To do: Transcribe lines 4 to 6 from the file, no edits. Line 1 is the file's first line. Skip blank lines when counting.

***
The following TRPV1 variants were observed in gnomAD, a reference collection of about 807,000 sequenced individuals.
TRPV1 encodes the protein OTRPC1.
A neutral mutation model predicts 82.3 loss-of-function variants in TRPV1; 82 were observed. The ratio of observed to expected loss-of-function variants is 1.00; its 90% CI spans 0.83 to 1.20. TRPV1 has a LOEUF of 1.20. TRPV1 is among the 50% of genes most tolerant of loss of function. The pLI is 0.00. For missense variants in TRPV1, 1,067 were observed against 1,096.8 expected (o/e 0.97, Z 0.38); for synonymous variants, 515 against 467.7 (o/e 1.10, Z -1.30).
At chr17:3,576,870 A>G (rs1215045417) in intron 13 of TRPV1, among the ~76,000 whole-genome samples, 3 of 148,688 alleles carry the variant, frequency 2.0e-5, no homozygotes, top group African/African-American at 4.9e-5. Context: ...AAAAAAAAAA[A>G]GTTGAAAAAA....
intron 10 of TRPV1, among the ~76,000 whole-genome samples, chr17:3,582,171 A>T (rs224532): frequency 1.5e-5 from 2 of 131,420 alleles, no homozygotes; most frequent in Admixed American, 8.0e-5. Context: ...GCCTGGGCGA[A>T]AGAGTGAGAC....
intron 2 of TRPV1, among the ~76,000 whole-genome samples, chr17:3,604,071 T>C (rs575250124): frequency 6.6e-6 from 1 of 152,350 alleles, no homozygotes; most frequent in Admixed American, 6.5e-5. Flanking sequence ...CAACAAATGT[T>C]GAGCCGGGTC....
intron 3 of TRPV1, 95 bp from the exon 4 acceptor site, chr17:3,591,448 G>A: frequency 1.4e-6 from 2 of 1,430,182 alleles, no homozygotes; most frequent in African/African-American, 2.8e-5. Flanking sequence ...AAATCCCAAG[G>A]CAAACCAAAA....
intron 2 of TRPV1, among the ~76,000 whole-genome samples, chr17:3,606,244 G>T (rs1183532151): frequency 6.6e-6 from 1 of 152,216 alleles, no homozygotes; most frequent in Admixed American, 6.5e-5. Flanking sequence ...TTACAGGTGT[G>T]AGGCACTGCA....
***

At chr17:3,576,870 A>G (rs1215045417) in intron 13 of TRPV1, among the ~76,000 whole-genome samples, 3 of 148,688 alleles carry the variant, frequency 2.0e-5, no homozygotes, top group African/African-American at 4.9e-5. Context: ...AAAAAAAAAA[A>G]GTTGAAAAAA....
intron 10 of TRPV1, among the ~76,000 whole-genome samples, chr17:3,582,171 A>T (rs224532): frequency 1.5e-5 from 2 of 131,420 alleles, no homozygotes; most frequent in Admixed American, 8.0e-5. Context: ...GCCTGGGCGA[A>T]AGAGTGAGAC....
intron 2 of TRPV1, among the ~76,000 whole-genome samples, chr17:3,604,071 T>C (rs575250124): frequency 6.6e-6 from 1 of 152,350 alleles, no homozygotes; most frequent in Admixed American, 6.5e-5. Flanking sequence ...CAACAAATGT[T>C]GAGCCGGGTC....